Palace obviously takes control out of the trainer's hands, but I believe "smart" AI does come in to play in situations where the Pokemon picks an move category and has multiple options to pick from in that category (e.g. if "Attack is selected and you have Surf and Ice Beam to pick from). In my experience, "smart" AI allows these Pokemon to select the appropriate move for the match-up. I also observed this with the Pokemon on my team and found that my Pokemon almost always selected the most powerful move for the Pokemon they faced out of the 3 attacking moves they had.

Note that Frontier Brains use "smart" AI no matter what.

Some other things I noted about the "smart" AI behaviour in facilities:
  • If the AI is in a situation where they know they have a move that can/will KO your Pokemon, it will generally favour this move no matter what.
  • The AI will favour priority moves like Quick Attack if you are at low enough HP to be KOed by them.
  • Pokemon with status moves tend to use these moves against Pokemon currently not inflicted by status if they are unable to KO you with one of their moves, although I saw some exceptions to this so can sometimes be hard to predict.
  • The AI is terrible at playing against Substitute. For example, they will happily spam status moves repeatedly into Substitute.
  • The AI almost never switches out of your Pokemon no matter how bad the match-up is for them - they'll stick with the Pokemon even if it has absolutely no way to damage your Pokemon (e.g. a mono-Electric attacker against a Ground-type). This is what allows crippling strategies to work.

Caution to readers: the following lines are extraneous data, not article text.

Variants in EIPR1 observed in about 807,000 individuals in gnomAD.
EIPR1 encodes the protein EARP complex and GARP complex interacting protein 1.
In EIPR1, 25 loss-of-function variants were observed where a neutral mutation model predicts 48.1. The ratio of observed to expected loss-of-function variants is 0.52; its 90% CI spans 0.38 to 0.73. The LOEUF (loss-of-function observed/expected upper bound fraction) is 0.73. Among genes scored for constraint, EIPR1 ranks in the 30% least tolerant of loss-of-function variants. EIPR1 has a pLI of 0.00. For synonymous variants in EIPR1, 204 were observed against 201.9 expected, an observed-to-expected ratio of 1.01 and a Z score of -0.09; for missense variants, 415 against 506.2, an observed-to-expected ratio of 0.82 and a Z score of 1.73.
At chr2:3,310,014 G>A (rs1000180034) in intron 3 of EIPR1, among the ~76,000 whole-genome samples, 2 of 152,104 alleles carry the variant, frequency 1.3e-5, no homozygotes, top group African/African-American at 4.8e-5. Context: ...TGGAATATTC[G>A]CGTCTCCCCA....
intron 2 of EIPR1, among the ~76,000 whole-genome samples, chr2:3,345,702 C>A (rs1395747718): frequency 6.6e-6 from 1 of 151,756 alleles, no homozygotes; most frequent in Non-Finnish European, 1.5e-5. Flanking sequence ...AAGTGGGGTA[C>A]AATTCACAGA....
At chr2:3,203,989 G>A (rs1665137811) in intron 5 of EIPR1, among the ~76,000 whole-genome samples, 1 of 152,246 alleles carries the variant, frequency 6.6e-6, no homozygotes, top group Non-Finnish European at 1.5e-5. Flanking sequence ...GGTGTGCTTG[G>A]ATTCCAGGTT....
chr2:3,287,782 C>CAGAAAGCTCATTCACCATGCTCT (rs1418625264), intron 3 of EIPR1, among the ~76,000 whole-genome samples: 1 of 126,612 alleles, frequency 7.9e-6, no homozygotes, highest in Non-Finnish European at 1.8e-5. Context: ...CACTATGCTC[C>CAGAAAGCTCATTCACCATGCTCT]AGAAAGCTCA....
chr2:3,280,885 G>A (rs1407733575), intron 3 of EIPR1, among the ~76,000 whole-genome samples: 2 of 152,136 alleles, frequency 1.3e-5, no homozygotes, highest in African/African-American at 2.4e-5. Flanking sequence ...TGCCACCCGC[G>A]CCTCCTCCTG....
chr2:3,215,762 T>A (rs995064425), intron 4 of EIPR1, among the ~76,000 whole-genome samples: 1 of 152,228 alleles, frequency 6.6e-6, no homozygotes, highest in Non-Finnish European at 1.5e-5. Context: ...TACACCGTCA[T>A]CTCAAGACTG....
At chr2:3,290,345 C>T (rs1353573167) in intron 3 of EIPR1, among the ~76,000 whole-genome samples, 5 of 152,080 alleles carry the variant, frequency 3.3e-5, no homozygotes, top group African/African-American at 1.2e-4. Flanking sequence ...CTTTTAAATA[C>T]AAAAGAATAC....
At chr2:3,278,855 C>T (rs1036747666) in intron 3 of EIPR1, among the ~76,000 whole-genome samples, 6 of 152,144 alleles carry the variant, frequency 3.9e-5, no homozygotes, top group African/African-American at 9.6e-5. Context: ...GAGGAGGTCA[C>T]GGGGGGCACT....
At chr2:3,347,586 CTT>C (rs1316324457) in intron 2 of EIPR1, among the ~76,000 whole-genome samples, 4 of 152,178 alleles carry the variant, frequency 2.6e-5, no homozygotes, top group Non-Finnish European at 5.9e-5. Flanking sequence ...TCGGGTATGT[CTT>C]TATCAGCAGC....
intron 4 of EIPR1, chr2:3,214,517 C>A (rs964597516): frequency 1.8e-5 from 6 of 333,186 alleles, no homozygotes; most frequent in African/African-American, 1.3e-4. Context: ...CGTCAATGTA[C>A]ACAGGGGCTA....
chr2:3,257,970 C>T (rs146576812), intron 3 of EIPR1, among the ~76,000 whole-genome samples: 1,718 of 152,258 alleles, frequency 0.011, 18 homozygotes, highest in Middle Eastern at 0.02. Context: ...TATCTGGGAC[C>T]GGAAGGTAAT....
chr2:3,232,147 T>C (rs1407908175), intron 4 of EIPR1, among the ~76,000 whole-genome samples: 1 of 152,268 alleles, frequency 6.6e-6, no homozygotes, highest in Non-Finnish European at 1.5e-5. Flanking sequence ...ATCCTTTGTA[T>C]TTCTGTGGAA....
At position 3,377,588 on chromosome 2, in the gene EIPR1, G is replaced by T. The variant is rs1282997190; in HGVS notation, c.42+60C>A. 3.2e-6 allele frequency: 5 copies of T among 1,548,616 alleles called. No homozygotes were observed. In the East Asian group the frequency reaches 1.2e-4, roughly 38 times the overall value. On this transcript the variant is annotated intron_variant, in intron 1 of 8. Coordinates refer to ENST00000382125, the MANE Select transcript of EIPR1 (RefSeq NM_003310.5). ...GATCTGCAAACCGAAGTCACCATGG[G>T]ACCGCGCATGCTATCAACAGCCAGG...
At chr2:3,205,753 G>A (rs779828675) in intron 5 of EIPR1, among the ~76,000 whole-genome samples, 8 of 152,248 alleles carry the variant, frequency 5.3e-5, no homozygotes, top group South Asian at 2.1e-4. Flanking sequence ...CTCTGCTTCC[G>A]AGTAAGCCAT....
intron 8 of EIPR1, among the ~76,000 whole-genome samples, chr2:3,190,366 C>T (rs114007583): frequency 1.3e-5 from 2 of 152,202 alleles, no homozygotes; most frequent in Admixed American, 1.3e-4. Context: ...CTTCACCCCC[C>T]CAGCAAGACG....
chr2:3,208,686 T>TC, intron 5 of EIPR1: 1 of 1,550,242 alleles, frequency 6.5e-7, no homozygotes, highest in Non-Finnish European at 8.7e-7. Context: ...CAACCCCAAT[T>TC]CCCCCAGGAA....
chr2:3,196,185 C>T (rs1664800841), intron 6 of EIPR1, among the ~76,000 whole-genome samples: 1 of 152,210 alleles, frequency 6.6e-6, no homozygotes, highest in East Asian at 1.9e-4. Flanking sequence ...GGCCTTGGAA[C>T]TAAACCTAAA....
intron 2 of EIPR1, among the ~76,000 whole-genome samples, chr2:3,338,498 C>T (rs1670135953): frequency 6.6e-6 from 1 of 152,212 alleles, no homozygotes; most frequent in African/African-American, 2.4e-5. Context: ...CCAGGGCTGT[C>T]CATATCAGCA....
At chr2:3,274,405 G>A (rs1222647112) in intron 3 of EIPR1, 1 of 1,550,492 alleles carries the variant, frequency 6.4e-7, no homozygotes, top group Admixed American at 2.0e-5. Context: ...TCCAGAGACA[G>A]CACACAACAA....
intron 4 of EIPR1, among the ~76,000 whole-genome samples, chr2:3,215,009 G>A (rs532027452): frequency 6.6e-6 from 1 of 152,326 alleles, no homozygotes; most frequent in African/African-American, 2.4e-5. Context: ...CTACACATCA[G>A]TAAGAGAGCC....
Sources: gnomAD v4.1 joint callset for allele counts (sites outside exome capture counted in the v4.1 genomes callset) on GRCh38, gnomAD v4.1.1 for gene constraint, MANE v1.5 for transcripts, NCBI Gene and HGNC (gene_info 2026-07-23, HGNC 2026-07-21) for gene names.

• They are some situations where the AI may switch:
    • If you attack a Pokemon with one of your moves, and the opposing Pokemon has a back-up Pokemon that resists or is immune to that attack, they may switch to the resistant Pokemon in an attempt to predict the same move. I am not certain if this also extends to immunities/resistances granted by abilities (Volt Absorb, Thick Fat, etc.). The AI only cares about resistances in these situations and has no regard for whether the Pokemon that it is switching in can actually do damage to your Pokemon or not.
    • Some Pokemon carry moves like Explosion and Baton Pass which, when used, results in the opponent "switching" their Pokemon.
  • If a opponent's preferred move runs out of PP, the opponent seems to attack somewhat randomly after that (rather than select their second strongest attack). This one probably needs more research since I haven't been in many situations where the AI has run out of PP in one move, but it was something I observed once during my gold symbole campaign.
  • A Pokemon with Sleep Talk will favour this move if sleeping. Pokemon with Rest+Sleep Talk are unable to figure out when it is about to wake up after using Rest and will attempt to use Sleep Talk on the turn it wakes up, resulting in failure. The same probably applies to Snore, but the only set that has Snore in the Frontier is Sealeo1, which as far as I know only appears during the early "random" AI rounds in level 50, and not at all in Open level.
  • Opponent's like to use recovery moves like Recover when sitting at around 60% HP, although if said Pokemon also has a move that can KO you, they tend to prefer KOing you over recovering.
  • The AI is not always smart when using Counter/Mirror Coat - I have observed opponents attempt to use these moves when their HP is in the red, for example.